Some Implications of Binaural Signal Selection for Hearing Aid Evaluation Clinical techniques for evaluating binaural hearing aids have been inconclusive. This paper offers some explanations of shortcomings in present approaches, concentrating upon several characteristics to be included in an adequate clinical procedure. These are the presence of competing sound; S/N ratios permitting measurable increases in discrimination from advantageous listening conditions; ... Research Article
Research Article  |   September 01, 1964
Some Implications of Binaural Signal Selection for Hearing Aid Evaluation
 
Author Affiliations & Notes
  • Allan J. Heffler
    Cincinnati Speech and Hearing Center, Cincinnati, Ohio
  • Martin C. Schultz
    University of Michigan, Ann Arbor, Michigan
Article Information
Research Articles
Research Article   |   September 01, 1964
Some Implications of Binaural Signal Selection for Hearing Aid Evaluation
Journal of Speech, Language, and Hearing Research, September 1964, Vol. 7, 279-289. doi:10.1044/jshr.0703.279
History: Received April 2, 1964
 
Journal of Speech, Language, and Hearing Research, September 1964, Vol. 7, 279-289. doi:10.1044/jshr.0703.279
History: Received April 2, 1964

Clinical techniques for evaluating binaural hearing aids have been inconclusive. This paper offers some explanations of shortcomings in present approaches, concentrating upon several characteristics to be included in an adequate clinical procedure. These are the presence of competing sound; S/N ratios permitting measurable increases in discrimination from advantageous listening conditions; elimination of localization and sidedness effects; and the requirement of long duration signals with credit for partial responses.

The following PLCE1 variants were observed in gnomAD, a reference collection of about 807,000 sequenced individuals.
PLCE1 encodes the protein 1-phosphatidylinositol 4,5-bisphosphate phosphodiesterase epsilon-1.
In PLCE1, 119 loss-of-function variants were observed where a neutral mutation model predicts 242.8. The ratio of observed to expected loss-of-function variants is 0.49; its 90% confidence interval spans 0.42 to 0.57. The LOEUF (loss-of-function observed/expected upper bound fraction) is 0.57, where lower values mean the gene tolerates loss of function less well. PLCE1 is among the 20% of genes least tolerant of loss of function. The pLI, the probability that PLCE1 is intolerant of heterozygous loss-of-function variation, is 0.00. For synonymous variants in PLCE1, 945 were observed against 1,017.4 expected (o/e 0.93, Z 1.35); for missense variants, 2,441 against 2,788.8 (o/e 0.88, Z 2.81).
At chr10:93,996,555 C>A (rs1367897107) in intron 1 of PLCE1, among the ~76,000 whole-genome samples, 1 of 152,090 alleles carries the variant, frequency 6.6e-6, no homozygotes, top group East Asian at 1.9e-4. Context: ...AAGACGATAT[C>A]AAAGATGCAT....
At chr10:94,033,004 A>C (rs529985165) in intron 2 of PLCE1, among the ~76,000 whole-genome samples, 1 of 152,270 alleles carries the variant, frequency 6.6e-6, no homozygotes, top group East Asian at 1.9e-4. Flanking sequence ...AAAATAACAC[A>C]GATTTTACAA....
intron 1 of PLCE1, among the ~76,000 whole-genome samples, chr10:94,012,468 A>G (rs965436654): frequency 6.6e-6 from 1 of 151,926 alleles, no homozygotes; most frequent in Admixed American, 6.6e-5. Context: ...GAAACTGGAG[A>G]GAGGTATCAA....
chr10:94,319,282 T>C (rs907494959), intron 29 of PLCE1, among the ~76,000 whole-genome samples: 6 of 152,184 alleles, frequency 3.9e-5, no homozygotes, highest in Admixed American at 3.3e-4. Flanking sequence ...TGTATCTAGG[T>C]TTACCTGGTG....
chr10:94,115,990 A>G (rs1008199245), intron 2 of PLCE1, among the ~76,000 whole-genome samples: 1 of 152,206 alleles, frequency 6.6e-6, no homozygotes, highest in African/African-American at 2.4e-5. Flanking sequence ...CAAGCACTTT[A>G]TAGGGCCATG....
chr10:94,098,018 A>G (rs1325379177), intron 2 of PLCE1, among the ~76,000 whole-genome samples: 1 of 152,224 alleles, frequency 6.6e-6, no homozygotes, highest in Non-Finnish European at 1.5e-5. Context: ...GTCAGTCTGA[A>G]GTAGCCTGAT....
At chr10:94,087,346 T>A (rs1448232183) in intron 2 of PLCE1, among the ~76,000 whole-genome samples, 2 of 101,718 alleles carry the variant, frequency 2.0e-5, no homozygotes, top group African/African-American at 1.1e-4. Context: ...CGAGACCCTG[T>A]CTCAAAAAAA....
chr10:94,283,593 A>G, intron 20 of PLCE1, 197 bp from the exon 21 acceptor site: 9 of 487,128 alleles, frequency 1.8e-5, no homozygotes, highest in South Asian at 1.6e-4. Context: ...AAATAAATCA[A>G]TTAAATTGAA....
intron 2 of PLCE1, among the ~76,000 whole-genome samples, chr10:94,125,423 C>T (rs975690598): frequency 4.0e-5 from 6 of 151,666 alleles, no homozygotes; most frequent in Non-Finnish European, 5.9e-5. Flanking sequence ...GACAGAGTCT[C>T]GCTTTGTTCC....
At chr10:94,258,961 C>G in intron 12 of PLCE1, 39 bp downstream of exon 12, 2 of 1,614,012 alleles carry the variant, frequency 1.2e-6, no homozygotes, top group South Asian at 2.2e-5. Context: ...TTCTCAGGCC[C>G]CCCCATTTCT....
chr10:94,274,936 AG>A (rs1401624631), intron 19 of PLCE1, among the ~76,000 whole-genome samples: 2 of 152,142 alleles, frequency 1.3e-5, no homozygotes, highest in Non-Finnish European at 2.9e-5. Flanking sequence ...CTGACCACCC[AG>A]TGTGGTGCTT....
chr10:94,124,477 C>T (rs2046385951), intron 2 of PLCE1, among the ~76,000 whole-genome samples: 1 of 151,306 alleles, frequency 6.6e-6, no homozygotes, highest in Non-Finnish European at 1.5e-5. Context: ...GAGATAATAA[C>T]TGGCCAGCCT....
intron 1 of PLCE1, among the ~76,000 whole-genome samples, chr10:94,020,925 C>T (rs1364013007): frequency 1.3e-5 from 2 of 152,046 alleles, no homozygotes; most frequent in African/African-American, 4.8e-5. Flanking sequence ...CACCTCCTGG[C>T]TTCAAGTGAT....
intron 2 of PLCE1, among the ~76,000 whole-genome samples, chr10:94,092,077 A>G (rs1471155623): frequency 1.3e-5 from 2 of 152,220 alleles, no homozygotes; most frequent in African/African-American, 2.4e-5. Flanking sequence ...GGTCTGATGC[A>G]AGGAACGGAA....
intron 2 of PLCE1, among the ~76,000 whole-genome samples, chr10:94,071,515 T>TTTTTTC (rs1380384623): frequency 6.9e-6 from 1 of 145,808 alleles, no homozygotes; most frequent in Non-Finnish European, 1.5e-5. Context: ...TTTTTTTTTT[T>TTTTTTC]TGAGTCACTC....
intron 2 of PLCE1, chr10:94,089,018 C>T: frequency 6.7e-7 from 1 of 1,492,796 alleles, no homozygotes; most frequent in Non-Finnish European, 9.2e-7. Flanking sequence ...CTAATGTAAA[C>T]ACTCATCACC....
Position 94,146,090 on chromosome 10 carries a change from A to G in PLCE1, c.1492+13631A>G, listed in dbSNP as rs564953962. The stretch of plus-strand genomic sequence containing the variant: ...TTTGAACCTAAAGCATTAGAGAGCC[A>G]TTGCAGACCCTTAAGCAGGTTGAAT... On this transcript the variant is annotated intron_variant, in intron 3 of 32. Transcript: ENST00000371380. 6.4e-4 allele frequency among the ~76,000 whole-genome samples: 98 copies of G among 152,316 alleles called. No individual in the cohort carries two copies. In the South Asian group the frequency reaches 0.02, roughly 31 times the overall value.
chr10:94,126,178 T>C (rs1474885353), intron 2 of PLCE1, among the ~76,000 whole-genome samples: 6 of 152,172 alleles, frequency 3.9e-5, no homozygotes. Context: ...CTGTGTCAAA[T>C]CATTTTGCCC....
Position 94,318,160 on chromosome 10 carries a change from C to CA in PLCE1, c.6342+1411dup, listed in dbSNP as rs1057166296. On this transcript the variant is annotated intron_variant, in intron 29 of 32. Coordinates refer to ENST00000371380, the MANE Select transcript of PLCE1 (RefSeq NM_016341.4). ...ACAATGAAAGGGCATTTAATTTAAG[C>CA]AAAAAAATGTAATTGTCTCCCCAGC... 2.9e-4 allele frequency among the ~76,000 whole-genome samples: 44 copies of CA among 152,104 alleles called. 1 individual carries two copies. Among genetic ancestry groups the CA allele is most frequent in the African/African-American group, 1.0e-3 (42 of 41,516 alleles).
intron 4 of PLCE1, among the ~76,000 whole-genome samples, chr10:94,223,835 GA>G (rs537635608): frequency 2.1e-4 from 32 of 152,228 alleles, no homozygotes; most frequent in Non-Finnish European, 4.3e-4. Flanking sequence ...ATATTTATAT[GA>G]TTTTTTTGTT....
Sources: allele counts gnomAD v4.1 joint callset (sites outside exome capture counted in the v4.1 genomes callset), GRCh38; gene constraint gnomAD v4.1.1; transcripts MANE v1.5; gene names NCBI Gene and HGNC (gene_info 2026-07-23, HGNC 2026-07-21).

The study was an approach on normal-hearing individuals under several S/N ratios, with occlusion of one ear as an experimental variable. Listening was accomplished under homophasic and antiphasic conditions for each combination of the other conditions.

Results demonstrated significant differences among the listening conditions and the results have been rationalized in schema for testing binaural hearing aids under various hearing-loss circumstances. Applications to auditory training are discussed.

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